Use this URL to cite or link to this record in EThOS: http://ethos.bl.uk/OrderDetails.do?uin=uk.bl.ethos.561058
Title: Humour and grandiosity : a systematic review of humour experiences in psychosis and an empirical preliminary investigation of 'theory of mind' and 'attributional style' in adults with grandiose delusions
Author: Boyden, Paul
Awarding Body: University of Sheffield
Current Institution: University of Sheffield
Date of Award: 2012
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Abstract:
This thesis first reviews the literature on humour experiences in adults experiencing psychosis. An empirical study was next conducted to test the application of sociocognitive models of paranoid delusions to grandiose delusions. A systematic search of the literature was conducted on electronic academic databases between 1980 and 2012. Seventeen studies that have utilised humorous tasks within explorations of either the comprehension and/or the appreciation of humorous stimuli were found. The literature suggests difficulties comprehending humour are clear in individuals with experiences of psychosis, and that this difficulty is augmented when there is a need to infer the mental states of others to understand jokes or humorous scenarios. However, the findings with respect to appreciation are less clear. Here the evidence points to the role of co-morbid mood symptoms such as depression and mania in the attenuation of humour appreciation. In the empirical study, a cross-sectional design was employed to compare the performance of individuals with grandiose delusions to a depressed control group on measures of Theory of Mind (ToM) and attributional style. Participants experiencing grandiose delusions performed significantly worse on both ToM tasks and produced significantly fewer references to mental states in a dialogue task. Following a symptombased approach, the presence of a grandiose delusion was significantly associated with poorer ToM on the joke appreciation and stories task. Participants with a grandiose delusion appear to have a ToM impairment independently of the severity of a comorbid persecutory delusion. Implications for clinical practice are also noted.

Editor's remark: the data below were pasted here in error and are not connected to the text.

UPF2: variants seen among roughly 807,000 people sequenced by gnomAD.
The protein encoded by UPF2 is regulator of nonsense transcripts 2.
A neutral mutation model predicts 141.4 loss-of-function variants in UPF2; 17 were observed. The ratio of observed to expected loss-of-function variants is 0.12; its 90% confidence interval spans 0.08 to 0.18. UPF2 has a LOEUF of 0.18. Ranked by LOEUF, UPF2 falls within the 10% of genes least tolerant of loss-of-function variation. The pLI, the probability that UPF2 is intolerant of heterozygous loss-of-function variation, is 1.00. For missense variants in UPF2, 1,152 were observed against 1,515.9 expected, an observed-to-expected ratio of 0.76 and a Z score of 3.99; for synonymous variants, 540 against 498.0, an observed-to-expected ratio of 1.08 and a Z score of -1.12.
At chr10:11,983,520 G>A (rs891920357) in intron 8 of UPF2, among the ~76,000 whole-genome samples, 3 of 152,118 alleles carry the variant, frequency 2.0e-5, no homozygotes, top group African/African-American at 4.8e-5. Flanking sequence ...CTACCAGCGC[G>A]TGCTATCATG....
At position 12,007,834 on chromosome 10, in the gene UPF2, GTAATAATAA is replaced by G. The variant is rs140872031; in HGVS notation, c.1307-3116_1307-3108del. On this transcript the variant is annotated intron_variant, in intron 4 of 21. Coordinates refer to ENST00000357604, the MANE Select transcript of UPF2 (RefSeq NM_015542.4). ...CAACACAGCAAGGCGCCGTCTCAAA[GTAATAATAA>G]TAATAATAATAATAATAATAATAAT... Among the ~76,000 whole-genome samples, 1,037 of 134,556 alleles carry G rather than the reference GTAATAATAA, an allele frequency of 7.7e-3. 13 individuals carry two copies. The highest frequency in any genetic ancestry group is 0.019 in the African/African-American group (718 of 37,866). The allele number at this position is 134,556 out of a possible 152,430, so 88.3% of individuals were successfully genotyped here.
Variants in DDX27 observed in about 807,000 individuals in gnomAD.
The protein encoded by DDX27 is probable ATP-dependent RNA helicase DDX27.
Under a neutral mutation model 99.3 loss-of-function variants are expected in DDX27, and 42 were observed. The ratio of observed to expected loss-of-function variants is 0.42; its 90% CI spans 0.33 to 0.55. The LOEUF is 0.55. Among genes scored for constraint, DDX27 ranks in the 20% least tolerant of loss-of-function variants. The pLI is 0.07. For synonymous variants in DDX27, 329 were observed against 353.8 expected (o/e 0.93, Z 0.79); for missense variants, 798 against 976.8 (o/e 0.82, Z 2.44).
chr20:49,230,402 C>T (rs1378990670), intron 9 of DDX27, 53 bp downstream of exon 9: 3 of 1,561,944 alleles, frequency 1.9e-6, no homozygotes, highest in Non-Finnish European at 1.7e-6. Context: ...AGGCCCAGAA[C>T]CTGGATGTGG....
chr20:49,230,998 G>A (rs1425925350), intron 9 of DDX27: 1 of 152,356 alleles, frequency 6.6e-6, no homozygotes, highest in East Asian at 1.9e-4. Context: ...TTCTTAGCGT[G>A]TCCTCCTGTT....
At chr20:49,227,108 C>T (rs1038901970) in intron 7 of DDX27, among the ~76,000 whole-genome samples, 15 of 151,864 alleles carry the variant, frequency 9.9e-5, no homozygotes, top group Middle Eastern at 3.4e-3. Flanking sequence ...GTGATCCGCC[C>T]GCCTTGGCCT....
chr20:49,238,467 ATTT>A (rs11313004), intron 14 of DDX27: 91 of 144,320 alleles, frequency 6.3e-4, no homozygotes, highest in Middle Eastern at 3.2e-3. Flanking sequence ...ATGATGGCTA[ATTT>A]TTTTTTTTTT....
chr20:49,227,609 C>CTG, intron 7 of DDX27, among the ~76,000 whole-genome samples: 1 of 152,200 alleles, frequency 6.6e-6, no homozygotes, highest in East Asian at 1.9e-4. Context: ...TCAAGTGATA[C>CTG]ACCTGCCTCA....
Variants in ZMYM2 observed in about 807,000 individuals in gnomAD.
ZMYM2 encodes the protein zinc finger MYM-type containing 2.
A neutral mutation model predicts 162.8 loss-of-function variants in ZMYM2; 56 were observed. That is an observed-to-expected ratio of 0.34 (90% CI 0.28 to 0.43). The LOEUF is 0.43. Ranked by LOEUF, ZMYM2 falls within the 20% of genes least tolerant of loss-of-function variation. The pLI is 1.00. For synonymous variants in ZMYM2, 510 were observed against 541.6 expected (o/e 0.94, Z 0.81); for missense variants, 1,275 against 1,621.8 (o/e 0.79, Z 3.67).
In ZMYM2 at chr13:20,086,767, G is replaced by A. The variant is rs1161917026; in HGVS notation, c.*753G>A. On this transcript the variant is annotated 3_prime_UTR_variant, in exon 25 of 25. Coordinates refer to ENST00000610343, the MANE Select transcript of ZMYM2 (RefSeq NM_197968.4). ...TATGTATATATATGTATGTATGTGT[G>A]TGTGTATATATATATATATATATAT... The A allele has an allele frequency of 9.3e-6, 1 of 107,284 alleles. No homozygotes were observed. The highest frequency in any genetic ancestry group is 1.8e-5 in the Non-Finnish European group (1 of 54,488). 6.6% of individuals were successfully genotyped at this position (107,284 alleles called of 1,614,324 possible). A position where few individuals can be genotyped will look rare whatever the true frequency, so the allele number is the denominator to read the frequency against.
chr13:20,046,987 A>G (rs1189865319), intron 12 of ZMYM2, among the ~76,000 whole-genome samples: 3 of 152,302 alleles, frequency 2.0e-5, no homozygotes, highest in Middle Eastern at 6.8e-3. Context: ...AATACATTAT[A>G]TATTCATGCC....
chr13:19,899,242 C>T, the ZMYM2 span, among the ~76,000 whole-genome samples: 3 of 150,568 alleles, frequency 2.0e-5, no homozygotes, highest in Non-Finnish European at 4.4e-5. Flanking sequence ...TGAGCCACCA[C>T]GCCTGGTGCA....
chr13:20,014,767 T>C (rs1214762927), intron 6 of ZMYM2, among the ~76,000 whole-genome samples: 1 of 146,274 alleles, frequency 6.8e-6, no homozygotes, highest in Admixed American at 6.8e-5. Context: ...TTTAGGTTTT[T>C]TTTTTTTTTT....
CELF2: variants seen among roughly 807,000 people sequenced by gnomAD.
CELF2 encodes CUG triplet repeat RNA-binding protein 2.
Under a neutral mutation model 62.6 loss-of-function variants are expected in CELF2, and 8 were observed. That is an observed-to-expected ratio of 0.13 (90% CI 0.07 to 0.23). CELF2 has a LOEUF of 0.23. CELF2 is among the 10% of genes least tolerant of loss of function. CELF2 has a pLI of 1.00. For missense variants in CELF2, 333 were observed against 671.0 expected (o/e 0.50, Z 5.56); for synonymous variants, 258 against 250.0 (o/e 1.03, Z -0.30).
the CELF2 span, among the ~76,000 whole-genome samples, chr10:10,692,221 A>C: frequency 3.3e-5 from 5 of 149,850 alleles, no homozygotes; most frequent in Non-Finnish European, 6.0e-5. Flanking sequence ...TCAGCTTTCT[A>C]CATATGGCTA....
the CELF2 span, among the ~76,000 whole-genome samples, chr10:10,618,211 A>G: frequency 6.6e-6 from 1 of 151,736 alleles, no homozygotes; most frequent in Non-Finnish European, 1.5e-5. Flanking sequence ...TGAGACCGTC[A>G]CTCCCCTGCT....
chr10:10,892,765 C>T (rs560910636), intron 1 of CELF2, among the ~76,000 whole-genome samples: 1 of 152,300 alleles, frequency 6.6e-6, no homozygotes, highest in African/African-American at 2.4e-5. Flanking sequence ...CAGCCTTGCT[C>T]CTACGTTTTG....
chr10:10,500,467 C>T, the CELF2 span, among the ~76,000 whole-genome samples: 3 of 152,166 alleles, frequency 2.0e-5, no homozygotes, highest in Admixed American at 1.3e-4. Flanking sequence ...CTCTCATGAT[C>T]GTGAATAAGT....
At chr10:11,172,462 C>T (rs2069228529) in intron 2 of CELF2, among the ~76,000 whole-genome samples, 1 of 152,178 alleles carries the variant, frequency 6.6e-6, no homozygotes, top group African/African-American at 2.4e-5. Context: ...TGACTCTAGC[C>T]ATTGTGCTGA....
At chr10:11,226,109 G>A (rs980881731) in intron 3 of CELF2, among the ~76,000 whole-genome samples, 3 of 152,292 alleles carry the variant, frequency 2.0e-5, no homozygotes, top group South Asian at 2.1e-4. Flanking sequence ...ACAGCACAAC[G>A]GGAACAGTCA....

Supervisor: Knowles, Rebecca ; Rowse, Georgina ; Corcoran, Rhiannon ; Hamilton, Simon Sponsor: Not available
Qualification Name: Thesis (D.Clin.Psy.) Qualification Level: Doctoral
EThOS ID: uk.bl.ethos.561058  DOI: Not available
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